nine times out of ten the following screnario plays out when my wife and i go to a friend's party:
This lady travels in her pijamas: If You Can Shoot an Elephant in Your PJ’s, You Can Fly in Them - New York Times. I think that's a great idea! On long flights I try to be as comfortable as possible so I usually end up wearing a sweatsuit. The closest I came to wearing pijamas was on a trip home from Europe. I sprinted, literally sprinted, across the London airport and then again across the Chicago airport. In both cases I arrived at the gate just in the nick of time (I was the last person on in both cases) and sweating (if you've ever been in those airports, you know that a run could be a couple of miles, plus I was towing my rollaboard and lugging my briefcase.) Since I didn't want to sit in sweaty clothes, in both cases I changed into clean, dry clothes. On the last flight I was down to my workout clothes - I was sitting in running shorts and a tank top in the middle of a bunch of guys wearing suits in business class!
A while back I posted about the open source calendar I created. Well, today I found another cool and useful site. Confabb will let you search a huge database of conferences by keyword. It includes details about the conferences and links to their websites. I searched on "open source" and found a whole list: Welcome to Confabb: The Conference Community. In the future I could imagine them enhancing this with RSS feeds - I could just subscribe to "open source" and get emailed about any new open source conferences. And how about adding dates for paper submissions with a reminder feature?
Do yourself a favor if you are developing JSF applications. Have a look at FacesTrace. I certainly wish that I looked at it earlier.
Cheesy movies are so quotable. The "landmark" news that Microsoft and Novell are going to be collaborating reminds me of a scene from Ghostbusters.
To continue my "Good or bad for open source?" post I'd like to talk about Oracle's news, Oracle Announces The Same Enterprise Class Support For Linux. Oracle announced that they are supporting RedHat Linux, minus the logos, plus additional bugfixes and bugs ported back to previous versions. From my experience, I bet it's that last feature that attracts customers. One of the problems customers have with open source is that to get their bugs fixed, they have to be willing to move to the latest version. Moving to the latest version in the middle of their development life cycle is often more difficult for them than living with the bug. That's why OpenLogic supports "older" versions of the 180+ open source software packages we support - including fixing bugs in the older versions.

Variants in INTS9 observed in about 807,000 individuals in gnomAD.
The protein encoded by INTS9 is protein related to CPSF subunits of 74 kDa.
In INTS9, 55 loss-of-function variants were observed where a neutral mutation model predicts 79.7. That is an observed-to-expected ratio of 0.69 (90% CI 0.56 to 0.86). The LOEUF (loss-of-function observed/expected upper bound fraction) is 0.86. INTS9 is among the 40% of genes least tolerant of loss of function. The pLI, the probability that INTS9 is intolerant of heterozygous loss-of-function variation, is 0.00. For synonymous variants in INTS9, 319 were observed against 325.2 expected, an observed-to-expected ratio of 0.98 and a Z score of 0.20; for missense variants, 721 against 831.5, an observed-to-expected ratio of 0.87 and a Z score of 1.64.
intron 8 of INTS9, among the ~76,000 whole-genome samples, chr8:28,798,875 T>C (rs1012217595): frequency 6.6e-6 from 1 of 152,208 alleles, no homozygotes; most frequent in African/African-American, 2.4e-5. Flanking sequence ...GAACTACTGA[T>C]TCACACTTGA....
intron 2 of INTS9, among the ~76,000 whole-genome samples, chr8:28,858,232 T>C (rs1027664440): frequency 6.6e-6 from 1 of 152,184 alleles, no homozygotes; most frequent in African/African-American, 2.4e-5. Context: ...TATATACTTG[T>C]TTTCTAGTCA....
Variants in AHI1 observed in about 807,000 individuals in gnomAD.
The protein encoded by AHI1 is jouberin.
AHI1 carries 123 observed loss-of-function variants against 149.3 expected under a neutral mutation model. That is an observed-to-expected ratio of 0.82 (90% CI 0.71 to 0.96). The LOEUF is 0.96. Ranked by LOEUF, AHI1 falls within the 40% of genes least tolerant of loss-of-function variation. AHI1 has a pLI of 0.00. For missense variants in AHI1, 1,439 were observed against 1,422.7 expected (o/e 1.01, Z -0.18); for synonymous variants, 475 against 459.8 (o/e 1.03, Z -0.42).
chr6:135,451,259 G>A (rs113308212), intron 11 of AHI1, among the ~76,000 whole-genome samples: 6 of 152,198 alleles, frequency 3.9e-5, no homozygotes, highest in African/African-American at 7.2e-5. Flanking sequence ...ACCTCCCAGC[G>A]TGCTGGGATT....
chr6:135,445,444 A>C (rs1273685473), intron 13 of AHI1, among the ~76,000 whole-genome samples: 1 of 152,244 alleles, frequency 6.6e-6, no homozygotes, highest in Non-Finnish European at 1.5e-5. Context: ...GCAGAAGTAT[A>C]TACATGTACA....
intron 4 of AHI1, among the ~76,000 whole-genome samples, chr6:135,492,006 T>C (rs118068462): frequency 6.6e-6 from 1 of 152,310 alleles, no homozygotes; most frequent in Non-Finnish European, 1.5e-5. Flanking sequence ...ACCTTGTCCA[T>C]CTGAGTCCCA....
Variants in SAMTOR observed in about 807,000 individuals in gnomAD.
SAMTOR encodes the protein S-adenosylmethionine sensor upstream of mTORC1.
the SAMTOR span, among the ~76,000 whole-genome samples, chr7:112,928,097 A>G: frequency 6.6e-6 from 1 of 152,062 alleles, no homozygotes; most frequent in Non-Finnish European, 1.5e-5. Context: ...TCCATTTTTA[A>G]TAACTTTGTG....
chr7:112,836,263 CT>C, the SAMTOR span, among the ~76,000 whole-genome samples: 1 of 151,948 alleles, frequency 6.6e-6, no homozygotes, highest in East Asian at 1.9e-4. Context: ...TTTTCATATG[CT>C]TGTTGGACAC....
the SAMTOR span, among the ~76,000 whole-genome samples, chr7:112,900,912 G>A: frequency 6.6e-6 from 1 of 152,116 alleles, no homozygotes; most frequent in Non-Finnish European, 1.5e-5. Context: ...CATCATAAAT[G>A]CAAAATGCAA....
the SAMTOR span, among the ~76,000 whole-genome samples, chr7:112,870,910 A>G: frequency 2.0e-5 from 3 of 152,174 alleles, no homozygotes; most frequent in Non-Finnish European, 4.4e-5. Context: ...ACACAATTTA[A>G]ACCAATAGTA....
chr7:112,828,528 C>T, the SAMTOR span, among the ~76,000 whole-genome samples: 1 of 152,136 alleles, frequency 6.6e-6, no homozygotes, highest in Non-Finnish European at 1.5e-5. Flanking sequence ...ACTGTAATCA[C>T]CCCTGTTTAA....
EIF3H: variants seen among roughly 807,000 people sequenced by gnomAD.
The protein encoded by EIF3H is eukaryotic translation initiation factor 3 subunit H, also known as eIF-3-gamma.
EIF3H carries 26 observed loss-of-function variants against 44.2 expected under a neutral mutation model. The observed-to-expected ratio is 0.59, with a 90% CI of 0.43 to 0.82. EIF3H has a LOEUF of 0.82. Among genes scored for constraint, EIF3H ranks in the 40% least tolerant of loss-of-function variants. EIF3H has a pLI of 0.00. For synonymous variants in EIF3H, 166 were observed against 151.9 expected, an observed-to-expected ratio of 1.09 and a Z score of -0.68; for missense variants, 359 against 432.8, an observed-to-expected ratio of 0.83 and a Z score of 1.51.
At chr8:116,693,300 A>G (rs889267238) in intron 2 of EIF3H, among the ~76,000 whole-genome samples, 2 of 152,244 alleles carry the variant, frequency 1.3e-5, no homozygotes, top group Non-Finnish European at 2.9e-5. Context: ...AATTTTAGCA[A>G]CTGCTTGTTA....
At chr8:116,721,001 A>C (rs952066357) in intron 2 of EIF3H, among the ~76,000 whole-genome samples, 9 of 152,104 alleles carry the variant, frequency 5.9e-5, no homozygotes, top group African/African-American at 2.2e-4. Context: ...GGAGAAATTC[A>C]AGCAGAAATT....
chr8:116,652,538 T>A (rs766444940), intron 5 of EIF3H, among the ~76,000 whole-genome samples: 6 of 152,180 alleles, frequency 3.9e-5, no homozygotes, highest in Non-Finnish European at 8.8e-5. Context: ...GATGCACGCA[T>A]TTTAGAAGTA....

Dana Blankenhorn just posted about Rice University's Connexxions project, an open source publishing platform. I've been following it for a while but I missed the latest news - they are going to be publishing the text of community college textbooks online for free and offering print versions for $30. That should help defray costs immensely for students, and along with the creative commons license that allows for reuse, help create quick, up-to-date and cheap textbooks.
I finally found a humanist organization I want to participate in. Too many humanist organizations I have seen are radicals; they spend all their time complaining about the current politics and religions and not enough time promoting humanism.
I am amazed by spam. Initially, I was irritated by it. But, the more I get, the more amazed I am. If people, somewhere did not respond to it, then it would not work... so, the amazing thing is that someone out there really believes that stuff...
It's been quite the week in the news of open source, Novell and Microsoft announced a partnership and Oracle announced they are shipping and supporting RedHat - minus all the logos. So is this a good week or a bad week for open source?
Travel tip: If you find yourself checking into a hotel at 1 am (after being up for 23 hours) and the clerk offers you a lesser room because the one you booked is near an elevator, take the other room. Near an elevator doesn't mean there may be people walking outside your room. It really means that they located the elevator motor in your room and it will run intermittently all night long.
I think our society is reaching the point where we have to make a very important decision. Is it illegal to publish or share knowledge on how to commit illegal acts? And if it is illegal to publish the knowledge, does that make it illegal to know? Where do you draw the line?
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